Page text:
ESPN reports on NASCAR’s new drug testing policy which had been implemented as a response to the admissions of two Truck Series drivers that they were using drugs, but that nobody on either the teams or NASCAR itself had noticed. Indeed, Aaron Fike’s admitted that he had competed under the influence of heroin, while Ron Hornaday had received shipments of testosterone and Human Growth Hormone (although nobody alleges that this was for anything other than to combat a hormone imbalance).
Because of these revelations, all drivers and crew members in the Sprint Cup, Nationwide and Nationwide Truck Series will now have to submit to mandatory pre-season tests conducted by an independent laboratory in order to establish baseline levels. Random testing will then be continued throughout the season. This marks a sea change from previous seasons, where testing was only conducted after “reasonable suspicion”.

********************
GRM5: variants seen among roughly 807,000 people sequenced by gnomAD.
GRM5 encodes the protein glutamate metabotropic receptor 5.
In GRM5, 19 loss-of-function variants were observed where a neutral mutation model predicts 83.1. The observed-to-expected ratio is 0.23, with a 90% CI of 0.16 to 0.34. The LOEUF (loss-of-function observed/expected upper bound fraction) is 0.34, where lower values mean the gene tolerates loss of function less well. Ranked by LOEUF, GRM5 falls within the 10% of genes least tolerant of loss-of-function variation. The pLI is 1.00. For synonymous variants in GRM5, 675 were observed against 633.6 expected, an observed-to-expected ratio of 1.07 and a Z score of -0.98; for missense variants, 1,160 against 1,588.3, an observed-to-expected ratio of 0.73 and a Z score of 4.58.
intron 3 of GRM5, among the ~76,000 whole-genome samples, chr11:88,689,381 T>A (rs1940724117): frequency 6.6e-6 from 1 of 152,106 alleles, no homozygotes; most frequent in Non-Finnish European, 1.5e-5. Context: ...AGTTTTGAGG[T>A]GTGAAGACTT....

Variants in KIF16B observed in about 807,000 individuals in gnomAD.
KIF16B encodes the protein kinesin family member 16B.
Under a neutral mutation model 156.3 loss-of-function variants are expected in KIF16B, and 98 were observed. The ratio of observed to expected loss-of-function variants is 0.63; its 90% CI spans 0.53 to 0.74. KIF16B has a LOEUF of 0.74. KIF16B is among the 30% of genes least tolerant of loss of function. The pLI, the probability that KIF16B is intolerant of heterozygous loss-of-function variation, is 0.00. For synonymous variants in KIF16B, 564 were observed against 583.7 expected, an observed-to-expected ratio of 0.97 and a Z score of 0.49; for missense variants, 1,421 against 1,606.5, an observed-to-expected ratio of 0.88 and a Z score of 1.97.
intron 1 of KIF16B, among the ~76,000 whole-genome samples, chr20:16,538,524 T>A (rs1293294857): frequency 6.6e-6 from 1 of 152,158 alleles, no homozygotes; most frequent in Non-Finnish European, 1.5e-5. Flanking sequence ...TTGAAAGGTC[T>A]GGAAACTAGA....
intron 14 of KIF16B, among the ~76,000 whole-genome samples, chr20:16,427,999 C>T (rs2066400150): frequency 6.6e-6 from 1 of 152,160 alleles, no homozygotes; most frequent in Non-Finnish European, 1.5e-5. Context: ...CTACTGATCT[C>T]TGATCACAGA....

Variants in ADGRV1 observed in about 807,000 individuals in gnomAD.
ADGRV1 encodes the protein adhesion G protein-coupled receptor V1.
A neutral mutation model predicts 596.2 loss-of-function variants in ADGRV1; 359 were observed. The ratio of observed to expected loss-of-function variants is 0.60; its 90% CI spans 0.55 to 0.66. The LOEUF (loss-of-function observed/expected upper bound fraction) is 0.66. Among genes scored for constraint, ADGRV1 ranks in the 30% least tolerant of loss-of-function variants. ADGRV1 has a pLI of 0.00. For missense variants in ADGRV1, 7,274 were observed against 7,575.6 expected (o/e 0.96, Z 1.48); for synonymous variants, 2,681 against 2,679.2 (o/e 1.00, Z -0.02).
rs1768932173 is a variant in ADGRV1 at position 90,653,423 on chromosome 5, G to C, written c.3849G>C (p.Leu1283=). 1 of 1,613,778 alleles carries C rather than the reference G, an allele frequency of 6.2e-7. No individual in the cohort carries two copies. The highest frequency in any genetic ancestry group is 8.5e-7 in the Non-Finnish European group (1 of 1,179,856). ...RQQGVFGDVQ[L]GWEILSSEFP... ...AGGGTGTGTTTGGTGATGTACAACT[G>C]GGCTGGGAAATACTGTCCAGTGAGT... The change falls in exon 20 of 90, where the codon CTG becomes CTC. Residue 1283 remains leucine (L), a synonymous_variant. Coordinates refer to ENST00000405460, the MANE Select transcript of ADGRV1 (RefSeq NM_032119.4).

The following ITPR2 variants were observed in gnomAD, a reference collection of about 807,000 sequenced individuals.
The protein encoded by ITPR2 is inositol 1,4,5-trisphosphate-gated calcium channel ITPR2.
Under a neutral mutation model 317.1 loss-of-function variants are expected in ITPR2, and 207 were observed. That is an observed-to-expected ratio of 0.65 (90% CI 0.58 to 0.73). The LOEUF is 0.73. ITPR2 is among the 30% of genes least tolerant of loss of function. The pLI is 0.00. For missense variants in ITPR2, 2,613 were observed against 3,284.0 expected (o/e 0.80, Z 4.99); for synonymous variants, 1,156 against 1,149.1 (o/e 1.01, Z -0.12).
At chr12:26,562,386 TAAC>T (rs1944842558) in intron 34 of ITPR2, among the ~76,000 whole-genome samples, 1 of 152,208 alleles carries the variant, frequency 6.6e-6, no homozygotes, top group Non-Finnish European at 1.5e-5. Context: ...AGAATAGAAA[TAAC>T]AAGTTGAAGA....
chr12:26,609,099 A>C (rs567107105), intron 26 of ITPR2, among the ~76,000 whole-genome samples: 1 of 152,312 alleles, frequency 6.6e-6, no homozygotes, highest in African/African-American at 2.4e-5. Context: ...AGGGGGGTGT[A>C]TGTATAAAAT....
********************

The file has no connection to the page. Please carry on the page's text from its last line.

A failed test by a driver will be made public, but not those by crew members (although two pit-crew members were reported to have failed tests on Kevin Harwick’s team). Three failed tests will result in an automatic lifetime ban.
Brian France (NASCAR Chairman) explained that the drugs policy was not implemented because they had a particular problem with drugs, but rather was an attempt to distance themselves from the scandals currently engulfing other sports, and to ensure that NASCAR was being pro-active about the use of these substances.